DVT Medications

If you have been diagnosed with deep vein thrombosis (DVT), your doctor (often a specialist called a hematologist) will probably recommend medications to fight blood clots, and you should learn about those drugs.

Regardless of what DVT medications you take, the goals for your treatment are:

  1. Keep DVTs from growing.
  2. Prevent DVTs from breaking loose and making their way to your lungs.
  3. Reduce the chances you get new DVT clots.

Blood Thinners

The most common type of DVT medication is called blood thinners, also known as anticoagulants. They help keep clots from growing and from coming back.

Your doctor may want you to take blood thinners for 3 months or longer. If your blood clots developed after a surgery, you may be on medication for a shorter time. In some circumstances, your doctor may want you on blood thinners for more than a few months or indefinitely.

Sometimes you will start your treatment taking blood thinners by IV or injection. The most prescribed of these medications are:

After a few days, your doctor may switch you to a blood thinner in tablet or capsule form, such as:

Other blood thinner tablets can be prescribed and taken immediately after a DVT diagnosis, skipping the IV or injectable medications. Many doctors believe these medications, also known as IX inhibitors, can dissolve blood clots with less risk of bleeding. These blood thinners include:

Make sure to take your blood thinners exactly as prescribed to avoid potentially serious side effects. These can include:

Contact your doctor immediately if you start to have these side effects. Also remember, pregnant women shouldn’t take certain blood thinners.

Blood thinners can change the way other medications work and vice versa. Make sure your doctor knows about all the medicines you take.

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Clot Busters

These medications are also known as thrombolytics. A doctor might prescribe them if your clots from DVT are serious, causing severe swelling or blocking blood flow in your leg, and blood thinners don’t help enough. Clot busters can sometimes dissolve a clot in just a few days.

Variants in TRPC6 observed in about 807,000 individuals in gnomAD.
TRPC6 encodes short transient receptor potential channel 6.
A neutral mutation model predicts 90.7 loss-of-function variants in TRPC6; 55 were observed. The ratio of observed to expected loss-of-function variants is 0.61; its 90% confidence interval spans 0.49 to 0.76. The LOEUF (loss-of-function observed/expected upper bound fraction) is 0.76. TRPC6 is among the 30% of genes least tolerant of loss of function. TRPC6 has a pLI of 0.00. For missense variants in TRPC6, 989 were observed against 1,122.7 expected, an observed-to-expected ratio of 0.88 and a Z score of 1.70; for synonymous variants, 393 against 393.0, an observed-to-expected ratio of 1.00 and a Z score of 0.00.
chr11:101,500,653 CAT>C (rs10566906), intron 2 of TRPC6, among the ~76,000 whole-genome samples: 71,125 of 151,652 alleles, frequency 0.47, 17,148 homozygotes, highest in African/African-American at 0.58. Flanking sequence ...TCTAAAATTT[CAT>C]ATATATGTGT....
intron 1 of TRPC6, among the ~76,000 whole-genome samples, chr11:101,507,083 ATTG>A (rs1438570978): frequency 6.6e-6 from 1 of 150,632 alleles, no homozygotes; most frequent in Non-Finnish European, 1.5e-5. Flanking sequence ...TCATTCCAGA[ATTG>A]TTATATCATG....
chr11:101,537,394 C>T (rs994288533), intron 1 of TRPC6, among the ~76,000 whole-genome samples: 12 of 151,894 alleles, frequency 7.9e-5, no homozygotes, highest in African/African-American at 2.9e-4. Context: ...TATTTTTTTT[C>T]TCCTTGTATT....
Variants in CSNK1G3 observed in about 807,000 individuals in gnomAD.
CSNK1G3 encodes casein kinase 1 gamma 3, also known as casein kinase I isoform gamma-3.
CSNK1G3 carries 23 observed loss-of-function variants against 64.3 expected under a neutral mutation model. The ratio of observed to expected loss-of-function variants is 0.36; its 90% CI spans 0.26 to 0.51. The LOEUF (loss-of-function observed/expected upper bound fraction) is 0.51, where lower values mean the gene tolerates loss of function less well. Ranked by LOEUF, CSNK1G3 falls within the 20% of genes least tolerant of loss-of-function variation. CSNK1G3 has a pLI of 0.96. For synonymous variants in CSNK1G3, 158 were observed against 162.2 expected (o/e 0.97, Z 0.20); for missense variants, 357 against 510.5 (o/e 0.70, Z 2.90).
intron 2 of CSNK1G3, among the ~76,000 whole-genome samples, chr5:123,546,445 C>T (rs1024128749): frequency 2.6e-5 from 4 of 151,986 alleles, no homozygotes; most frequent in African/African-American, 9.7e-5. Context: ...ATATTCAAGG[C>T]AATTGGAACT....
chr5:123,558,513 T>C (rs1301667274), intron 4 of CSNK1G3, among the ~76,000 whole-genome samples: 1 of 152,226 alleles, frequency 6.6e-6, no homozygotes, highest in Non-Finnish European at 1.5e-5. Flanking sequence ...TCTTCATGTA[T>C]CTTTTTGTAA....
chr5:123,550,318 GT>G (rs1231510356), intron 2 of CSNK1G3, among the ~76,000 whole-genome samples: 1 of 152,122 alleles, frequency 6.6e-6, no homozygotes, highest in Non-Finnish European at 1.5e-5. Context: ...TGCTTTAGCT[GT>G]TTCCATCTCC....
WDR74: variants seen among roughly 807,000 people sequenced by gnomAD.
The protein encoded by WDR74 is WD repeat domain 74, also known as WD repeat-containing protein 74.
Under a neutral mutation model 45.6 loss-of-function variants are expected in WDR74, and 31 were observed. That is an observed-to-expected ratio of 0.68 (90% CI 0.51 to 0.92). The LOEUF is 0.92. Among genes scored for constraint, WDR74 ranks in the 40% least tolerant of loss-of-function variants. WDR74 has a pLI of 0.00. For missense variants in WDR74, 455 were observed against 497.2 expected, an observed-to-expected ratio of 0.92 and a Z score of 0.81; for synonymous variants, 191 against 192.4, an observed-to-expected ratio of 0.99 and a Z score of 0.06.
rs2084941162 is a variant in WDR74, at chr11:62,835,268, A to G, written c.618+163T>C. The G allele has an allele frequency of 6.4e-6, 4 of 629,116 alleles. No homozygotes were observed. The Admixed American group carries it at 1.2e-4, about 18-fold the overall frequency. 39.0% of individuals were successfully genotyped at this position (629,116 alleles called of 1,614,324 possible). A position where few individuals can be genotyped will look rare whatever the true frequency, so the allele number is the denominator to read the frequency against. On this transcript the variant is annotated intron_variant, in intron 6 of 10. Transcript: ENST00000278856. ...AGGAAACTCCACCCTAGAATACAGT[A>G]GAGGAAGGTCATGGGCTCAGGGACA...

Clot busters are taken either by IV or by a catheter inserted directly into a clot. The most commonly used medications of this type include:

  • Alteplase (Activase)
  • Anistreplase (Eminase)
  • Prourokinase (proUK)
  • Reteplase (Retavase)
  • Streptokinase (Streptase)
  • Tenecteplase (Metalyse, TNKase)
  • Urokinase (Abbokinase, Kinlytic)

These medications sometimes can lead to severe bleeding, so doctors will make sure you are monitored closely when you take them.

Over-the-Counter Medications

Some studies show that taking aspirin regularly can cut the risk of DVT clots returning by one-third without increasing the risk of bleeding. But aspirin has the most impact when you take it regularly after you finish with prescription medication that you take after DVT surgery. And since aspirin therapy is not part of routine treatment of DVT, you should talk about it first with your doctor.

Treatment Without Medications

Not every suggestion from your doctor about managing DVT involves drugs. You may also get a recommendation for:

  • Compression stockings , which you could wear for 2 years or longer to help keep blood from clotting in your legs.
  • Vena cava filters, which are inserted during a minor surgical procedure into a large vein in your abdomen. They block any clots that break loose from lodging in your lungs. Doctors often recommend them if you have problems taking blood thinners.

The right treatments can help a great deal with your blood clotting issues. Follow the instructions on your DVT-related prescriptions exactly, and inform your doctor immediately if any problems arise.

WebMD Medical Reference Reviewed by Brunilda Nazario, MD on February 05, 2021

Sources

SOURCES:

Mayo Clinic: “Deep vein thrombosis (DVT) – Symptoms and Causes,” “Deep vein thrombosis (DVT) – Diagnosis and Treatment.”

U.S. Agency for Healthcare Research and Quality: “Blood Thinner Pills: Your Guide to Using Them Safely.”

Stanford Health Care: “Medications for Deep Vein Thrombosis (DVT).”

Cleveland Clinic: “Deep Vein Thrombosis (DVT): Management and Treatment.”

New York University Langone Health: “Medications for Deep Vein Thrombosis.”

Inova Heart and Vascular Institute: “Treatment for Deep Vein Thrombosis (DVT).”

CDC: “What is Venous Thromboembolism?”

American Heart Association: “Prevention and Treatment of Venous Thromboembolism (VTE).”

StatPearls Publishing: “Thrombolytic Therapy.”

Vascular Health and Risk Management: “The role of factor XA inhibitors in venous thromboembolism treatment.”

American Blood Clot Association: “Can Aspirin Prevent a DVT?”

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